The Origins of Morality: An Evolutionary Account

Hardcover | August 15, 2011

byDennis Krebs

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Why do people behave in moral ways in some circumstances, but not in others? In order to account fully for morality, Dennis Krebs departs from traditional approaches to morality that suggest that children acquire morals through socialization, cultural indoctrination, and moral reasoning. Hesuggests that such approaches can be subsumed, refined, and revised gainfully within an evolutionary framework. Relying on evolutionary theory, Krebs offers an account of how notions of morality originated in the human species. He updates Darwin's early ideas about how dispositions to obeyauthority, to control antisocial urges, and to behave in altruistic and cooperative ways originated and evolved, then goes on to update Darwin's account of how humans acquired a moral sense.Krebs explains why the theory of evolution does not dictate that all animals are selfish and immoral by nature. On the contrary, he argues that moral behaviors and moral judgments evolved to serve certain functions. Krebs examines theory and research on the evolution of primitive forms of prosocialconduct displayed by humans and other animals, then discusses the evolution of uniquely human prosocial behaviors. He describes how a sense of morality originated during the course of human evolution through strategic social interactions among members of small groups, and how it was expanded andrefined in modern societies, explaining how this sense gives rise to culturally universal and culturally relative moral norms. Krebs argues that although humans' unique cognitive abilities endow them with the capacity to engage in sophisticated forms of moral reasoning, people rarely live up their potential in their everyday lives. Four conceptions of what it means to be a moral person are identified, with the conclusionthat people are naturally inclined to meet the standards of each conception under certain conditions. The key to making the world a more moral place lies in creating environments in which good guys finish first and cheaters fail to prosper.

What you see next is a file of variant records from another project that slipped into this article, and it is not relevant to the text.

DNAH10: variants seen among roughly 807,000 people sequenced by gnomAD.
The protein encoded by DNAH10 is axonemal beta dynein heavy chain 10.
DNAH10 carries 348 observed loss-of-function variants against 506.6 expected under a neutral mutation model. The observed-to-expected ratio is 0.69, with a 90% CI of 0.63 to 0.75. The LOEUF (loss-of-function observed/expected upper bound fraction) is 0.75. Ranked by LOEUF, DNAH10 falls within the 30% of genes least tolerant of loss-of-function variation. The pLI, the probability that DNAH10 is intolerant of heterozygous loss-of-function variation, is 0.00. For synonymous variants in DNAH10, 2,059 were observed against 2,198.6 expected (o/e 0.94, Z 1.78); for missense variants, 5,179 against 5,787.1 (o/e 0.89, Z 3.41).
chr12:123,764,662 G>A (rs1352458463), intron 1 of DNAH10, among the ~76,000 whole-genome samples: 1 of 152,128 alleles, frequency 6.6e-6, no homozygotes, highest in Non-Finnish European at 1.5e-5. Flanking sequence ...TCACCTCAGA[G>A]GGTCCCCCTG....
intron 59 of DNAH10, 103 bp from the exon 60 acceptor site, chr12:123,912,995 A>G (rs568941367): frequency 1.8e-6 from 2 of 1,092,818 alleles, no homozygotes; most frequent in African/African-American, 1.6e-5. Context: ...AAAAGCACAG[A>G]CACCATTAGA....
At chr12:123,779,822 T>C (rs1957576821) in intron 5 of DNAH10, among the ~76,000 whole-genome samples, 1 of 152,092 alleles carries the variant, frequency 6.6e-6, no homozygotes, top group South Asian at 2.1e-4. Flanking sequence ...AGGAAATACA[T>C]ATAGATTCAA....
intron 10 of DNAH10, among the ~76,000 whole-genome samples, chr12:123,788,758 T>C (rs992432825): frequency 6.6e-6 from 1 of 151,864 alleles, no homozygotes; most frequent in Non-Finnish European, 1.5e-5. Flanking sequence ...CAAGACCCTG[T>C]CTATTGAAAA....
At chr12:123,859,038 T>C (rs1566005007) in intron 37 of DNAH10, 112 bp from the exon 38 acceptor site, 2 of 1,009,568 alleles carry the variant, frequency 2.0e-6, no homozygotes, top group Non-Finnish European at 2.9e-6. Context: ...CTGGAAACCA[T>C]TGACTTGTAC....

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Why do people behave in moral ways in some circumstances, but not in others? In order to account fully for morality, Dennis Krebs departs from traditional approaches to morality that suggest that children acquire morals through socialization, cultural indoctrination, and moral reasoning. Hesuggests that such approaches can be subsumed,...

Dennis Krebs is a Professor of Psychology, a Woodrow Wilson Fellow, and Fellow of Stanford University's Center for Advanced Study in the Behavioral Sciences. He received his MA and PhD from Harvard University, where he also taught for several years before returning to his native British Columbia to teach at Simon Fraser University. He ...

other books by Dennis Krebs

Format:HardcoverDimensions:320 pages, 6.3 × 9.29 × 1.1 inPublished:August 15, 2011Publisher:Oxford University PressLanguage:English

The following ISBNs are associated with this title:

ISBN - 10:019977823X

ISBN - 13:9780199778232

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Table of Contents

Part I: Setting the Stage1. Introduction and Overview2. What is Morality?3. Born Bad?4. Darwin's Theory of the Origin of Morality5. Foundations of a Neo-Darwinian Approach to MoralityPart II: The Evolution of Primitive Prosocial Behaviors6. The Evolution of Deference7. The Evolution of Self-control8. The Evolution of Altruism though Sexual Selection9. The Evolution of Altruism through Kin Selection10. The Evolution of Altruism through Group Selection and Imperfect Design11. The Evolution of Cooperation12. Psychological and Neurological Sources of Primitive Prosocial BehaviorsPart III: The Evolution of Uniquely Human Prosocial Behaviors13. Uniquely Human Prosocial Behaviors14. The Evolution of Uniquely Human Prosocial Behaviors15. Psychological Sources of Uniquely Human Prosocial BehaviorsPart IV: The Evolution of the Moral Senses16. The Origin of the Moral Senses17. The Expansion and Refinement of the Moral Senses in the Human Species18. The Evolution of Moral NormsPart V: Implications and Applications19. Human Nature and the Nature of Morality20. Reframing Psychological Models of Moral Development